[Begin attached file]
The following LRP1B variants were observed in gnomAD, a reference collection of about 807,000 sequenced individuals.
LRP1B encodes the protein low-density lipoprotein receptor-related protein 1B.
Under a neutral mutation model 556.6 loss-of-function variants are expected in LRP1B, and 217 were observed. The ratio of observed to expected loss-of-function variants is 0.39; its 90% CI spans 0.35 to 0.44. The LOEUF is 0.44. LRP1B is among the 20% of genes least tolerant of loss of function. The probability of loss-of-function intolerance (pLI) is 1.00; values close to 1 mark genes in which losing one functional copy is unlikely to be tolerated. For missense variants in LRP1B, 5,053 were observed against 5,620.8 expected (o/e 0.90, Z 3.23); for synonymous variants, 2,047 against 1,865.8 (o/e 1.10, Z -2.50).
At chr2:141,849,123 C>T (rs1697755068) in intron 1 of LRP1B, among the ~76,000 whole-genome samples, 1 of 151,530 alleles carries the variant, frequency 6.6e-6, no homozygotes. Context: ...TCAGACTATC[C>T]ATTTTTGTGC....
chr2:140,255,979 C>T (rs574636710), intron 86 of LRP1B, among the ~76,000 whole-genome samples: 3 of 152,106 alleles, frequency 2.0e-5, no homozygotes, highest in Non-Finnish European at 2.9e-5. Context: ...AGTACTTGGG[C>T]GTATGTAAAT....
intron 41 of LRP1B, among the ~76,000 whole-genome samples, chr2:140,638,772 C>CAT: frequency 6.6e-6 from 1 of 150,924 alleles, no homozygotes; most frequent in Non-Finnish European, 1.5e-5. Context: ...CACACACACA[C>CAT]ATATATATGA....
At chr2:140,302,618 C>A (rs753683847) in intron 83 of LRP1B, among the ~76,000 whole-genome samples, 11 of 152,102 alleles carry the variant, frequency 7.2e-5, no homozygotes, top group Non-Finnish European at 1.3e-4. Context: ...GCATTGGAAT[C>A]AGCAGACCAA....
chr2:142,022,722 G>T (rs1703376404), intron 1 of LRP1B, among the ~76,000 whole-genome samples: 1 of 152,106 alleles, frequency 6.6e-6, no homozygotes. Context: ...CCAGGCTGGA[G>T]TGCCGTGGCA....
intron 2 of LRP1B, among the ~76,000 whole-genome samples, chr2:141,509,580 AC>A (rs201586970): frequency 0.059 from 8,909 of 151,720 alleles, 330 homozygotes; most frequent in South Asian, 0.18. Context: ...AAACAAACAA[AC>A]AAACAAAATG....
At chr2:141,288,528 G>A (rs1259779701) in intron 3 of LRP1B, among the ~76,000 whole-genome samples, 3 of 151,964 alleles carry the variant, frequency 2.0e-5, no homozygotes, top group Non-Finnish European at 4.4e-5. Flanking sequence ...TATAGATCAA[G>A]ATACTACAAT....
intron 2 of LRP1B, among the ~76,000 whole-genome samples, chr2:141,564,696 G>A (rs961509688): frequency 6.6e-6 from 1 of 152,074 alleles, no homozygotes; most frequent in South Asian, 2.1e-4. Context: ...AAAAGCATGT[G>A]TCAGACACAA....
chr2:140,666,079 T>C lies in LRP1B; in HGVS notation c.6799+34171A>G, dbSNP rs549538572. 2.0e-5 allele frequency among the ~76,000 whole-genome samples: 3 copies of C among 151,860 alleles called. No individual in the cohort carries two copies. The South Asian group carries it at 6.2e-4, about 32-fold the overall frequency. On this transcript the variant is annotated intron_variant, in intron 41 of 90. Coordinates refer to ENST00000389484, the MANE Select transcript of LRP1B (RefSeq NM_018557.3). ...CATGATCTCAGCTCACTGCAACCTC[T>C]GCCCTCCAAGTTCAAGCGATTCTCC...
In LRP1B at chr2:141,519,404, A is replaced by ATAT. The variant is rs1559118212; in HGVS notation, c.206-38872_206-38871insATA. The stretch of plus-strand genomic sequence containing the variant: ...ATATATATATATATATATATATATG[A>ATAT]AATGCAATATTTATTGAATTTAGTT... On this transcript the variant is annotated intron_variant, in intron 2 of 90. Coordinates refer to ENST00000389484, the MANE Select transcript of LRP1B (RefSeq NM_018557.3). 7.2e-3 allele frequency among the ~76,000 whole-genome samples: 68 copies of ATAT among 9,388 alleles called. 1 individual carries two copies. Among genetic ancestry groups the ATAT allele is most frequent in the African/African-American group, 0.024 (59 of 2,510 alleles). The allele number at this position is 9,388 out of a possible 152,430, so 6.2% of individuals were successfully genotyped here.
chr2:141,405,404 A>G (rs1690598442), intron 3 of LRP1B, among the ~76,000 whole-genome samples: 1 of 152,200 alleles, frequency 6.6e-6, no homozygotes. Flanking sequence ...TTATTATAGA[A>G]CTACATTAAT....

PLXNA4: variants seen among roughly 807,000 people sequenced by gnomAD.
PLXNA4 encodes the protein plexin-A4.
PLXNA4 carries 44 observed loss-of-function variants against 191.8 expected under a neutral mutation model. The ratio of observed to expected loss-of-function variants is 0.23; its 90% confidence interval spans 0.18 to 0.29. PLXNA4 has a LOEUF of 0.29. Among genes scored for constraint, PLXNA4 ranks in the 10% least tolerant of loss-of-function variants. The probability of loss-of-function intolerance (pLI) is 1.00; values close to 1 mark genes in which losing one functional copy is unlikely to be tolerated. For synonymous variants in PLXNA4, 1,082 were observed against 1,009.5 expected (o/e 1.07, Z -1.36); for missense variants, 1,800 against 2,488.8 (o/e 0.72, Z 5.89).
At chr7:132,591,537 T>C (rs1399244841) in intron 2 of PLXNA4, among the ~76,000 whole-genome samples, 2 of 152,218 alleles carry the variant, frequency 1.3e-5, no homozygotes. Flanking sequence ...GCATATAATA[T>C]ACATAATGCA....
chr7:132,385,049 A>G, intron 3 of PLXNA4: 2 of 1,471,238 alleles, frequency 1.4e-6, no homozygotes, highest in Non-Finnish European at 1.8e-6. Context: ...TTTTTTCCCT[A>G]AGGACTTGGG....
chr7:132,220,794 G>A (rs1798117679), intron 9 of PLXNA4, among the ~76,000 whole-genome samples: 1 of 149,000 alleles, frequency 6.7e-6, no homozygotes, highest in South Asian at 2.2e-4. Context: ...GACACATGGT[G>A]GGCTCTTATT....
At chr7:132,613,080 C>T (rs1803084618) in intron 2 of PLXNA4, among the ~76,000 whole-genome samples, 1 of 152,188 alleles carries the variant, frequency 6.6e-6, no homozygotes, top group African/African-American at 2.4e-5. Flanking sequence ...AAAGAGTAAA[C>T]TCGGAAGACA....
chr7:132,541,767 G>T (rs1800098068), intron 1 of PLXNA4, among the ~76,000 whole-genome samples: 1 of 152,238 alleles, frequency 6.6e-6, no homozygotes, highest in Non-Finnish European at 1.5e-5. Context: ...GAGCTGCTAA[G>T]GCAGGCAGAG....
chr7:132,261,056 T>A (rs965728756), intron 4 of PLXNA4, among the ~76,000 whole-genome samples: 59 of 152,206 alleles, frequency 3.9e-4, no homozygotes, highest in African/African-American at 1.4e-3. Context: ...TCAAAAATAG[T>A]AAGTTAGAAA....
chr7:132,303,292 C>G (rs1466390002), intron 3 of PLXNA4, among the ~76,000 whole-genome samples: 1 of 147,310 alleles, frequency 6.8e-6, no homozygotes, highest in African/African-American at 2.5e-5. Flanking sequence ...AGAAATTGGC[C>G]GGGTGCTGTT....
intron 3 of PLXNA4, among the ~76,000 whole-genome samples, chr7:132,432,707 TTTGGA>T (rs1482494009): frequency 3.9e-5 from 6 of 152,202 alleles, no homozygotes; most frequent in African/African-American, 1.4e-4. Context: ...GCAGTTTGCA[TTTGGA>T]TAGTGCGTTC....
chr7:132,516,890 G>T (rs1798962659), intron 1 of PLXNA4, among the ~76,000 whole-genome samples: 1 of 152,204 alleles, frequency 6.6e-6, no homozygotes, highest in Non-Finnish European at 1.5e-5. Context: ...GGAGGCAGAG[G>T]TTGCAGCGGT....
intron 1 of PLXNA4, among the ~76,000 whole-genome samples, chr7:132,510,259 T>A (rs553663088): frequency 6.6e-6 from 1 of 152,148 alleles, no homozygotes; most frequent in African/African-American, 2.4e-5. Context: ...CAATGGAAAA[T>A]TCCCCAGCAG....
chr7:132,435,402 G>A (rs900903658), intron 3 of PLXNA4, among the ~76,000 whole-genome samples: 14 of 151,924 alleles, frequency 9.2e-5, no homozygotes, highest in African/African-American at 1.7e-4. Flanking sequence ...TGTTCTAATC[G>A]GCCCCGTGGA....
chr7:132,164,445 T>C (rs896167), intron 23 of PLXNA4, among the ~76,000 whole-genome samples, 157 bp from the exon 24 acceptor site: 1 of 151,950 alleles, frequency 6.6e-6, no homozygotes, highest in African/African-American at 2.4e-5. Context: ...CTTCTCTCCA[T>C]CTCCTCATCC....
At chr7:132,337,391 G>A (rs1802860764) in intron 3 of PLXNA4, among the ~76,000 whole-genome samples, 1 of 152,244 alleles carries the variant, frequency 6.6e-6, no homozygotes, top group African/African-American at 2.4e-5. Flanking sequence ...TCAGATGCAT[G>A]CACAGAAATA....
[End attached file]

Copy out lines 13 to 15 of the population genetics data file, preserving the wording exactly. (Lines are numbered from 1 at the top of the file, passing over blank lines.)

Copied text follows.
In LRP1B at chr2:141,519,404, A is replaced by ATAT. The variant is rs1559118212; in HGVS notation, c.206-38872_206-38871insATA. The stretch of plus-strand genomic sequence containing the variant: ...ATATATATATATATATATATATATG[A>ATAT]AATGCAATATTTATTGAATTTAGTT... On this transcript the variant is annotated intron_variant, in intron 2 of 90. Coordinates refer to ENST00000389484, the MANE Select transcript of LRP1B (RefSeq NM_018557.3). 7.2e-3 allele frequency among the ~76,000 whole-genome samples: 68 copies of ATAT among 9,388 alleles called. 1 individual carries two copies. Among genetic ancestry groups the ATAT allele is most frequent in the African/African-American group, 0.024 (59 of 2,510 alleles). The allele number at this position is 9,388 out of a possible 152,430, so 6.2% of individuals were successfully genotyped here.
chr2:141,405,404 A>G (rs1690598442), intron 3 of LRP1B, among the ~76,000 whole-genome samples: 1 of 152,200 alleles, frequency 6.6e-6, no homozygotes. Flanking sequence ...TTATTATAGA[A>G]CTACATTAAT....

PLXNA4: variants seen among roughly 807,000 people sequenced by gnomAD.